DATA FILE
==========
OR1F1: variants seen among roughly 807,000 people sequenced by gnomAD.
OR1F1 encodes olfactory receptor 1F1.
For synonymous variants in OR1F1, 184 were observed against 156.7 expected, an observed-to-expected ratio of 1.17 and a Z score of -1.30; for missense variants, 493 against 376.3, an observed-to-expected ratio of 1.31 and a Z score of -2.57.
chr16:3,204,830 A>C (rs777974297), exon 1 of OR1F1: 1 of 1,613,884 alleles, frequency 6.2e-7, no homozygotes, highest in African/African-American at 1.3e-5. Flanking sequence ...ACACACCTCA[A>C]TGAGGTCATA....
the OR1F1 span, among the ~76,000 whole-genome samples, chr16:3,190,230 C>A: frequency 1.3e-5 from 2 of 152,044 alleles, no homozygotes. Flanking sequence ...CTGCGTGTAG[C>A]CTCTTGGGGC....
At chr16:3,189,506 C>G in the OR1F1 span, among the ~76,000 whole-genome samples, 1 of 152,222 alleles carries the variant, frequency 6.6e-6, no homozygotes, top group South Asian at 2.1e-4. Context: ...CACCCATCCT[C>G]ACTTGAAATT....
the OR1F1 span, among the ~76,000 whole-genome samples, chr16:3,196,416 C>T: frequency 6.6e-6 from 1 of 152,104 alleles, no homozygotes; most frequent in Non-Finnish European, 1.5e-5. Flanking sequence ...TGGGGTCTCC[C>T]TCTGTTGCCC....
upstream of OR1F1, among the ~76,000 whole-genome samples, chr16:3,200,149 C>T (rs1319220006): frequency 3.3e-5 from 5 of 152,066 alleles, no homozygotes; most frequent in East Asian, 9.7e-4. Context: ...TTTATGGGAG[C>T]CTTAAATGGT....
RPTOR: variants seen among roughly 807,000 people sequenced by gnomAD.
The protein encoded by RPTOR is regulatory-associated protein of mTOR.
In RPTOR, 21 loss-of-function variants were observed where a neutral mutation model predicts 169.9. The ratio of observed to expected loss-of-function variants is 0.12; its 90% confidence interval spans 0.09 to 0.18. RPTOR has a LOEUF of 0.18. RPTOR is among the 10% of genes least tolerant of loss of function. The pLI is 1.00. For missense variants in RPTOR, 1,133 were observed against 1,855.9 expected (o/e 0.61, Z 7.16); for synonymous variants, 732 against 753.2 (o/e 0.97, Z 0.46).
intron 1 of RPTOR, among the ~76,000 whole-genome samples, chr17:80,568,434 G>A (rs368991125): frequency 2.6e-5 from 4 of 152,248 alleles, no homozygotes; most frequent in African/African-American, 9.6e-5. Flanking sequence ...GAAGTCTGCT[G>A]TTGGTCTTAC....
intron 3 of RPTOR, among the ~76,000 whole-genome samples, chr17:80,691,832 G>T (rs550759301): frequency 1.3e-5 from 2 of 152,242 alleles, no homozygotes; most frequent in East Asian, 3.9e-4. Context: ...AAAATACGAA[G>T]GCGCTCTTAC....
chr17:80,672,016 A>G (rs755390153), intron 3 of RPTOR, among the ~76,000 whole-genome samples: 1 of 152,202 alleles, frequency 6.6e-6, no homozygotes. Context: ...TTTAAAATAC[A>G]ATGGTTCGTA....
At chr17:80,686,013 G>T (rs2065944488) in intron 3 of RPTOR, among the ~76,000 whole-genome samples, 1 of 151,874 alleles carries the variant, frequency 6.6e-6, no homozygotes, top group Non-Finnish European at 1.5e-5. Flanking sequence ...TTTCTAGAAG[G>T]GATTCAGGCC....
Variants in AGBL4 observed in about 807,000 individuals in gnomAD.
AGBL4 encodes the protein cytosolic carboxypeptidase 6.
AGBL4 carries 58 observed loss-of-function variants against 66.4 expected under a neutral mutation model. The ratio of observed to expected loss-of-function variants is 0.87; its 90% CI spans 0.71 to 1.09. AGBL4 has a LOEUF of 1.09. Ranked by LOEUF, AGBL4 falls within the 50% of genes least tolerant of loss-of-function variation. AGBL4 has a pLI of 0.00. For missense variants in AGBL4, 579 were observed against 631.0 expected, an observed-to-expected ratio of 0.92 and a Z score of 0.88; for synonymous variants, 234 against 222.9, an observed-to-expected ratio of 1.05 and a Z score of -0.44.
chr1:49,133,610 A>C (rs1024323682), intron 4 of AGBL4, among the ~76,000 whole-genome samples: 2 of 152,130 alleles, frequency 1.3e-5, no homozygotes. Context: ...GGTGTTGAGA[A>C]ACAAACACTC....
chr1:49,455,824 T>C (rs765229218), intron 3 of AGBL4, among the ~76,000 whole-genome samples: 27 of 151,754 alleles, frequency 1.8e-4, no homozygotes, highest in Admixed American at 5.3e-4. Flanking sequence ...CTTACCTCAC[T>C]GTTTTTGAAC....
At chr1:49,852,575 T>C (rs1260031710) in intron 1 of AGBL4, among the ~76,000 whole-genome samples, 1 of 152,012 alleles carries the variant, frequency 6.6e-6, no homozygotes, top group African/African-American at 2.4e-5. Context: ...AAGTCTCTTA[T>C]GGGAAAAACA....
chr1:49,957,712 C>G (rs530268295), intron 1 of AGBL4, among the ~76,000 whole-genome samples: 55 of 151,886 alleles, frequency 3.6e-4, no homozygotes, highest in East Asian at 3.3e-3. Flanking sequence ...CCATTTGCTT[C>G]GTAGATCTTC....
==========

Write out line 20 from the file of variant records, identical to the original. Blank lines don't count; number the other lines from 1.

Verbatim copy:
chr1:49,455,824 T>C (rs765229218), intron 3 of AGBL4, among the ~76,000 whole-genome samples: 27 of 151,754 alleles, frequency 1.8e-4, no homozygotes, highest in Admixed American at 5.3e-4. Flanking sequence ...CTTACCTCAC[T>C]GTTTTTGAAC....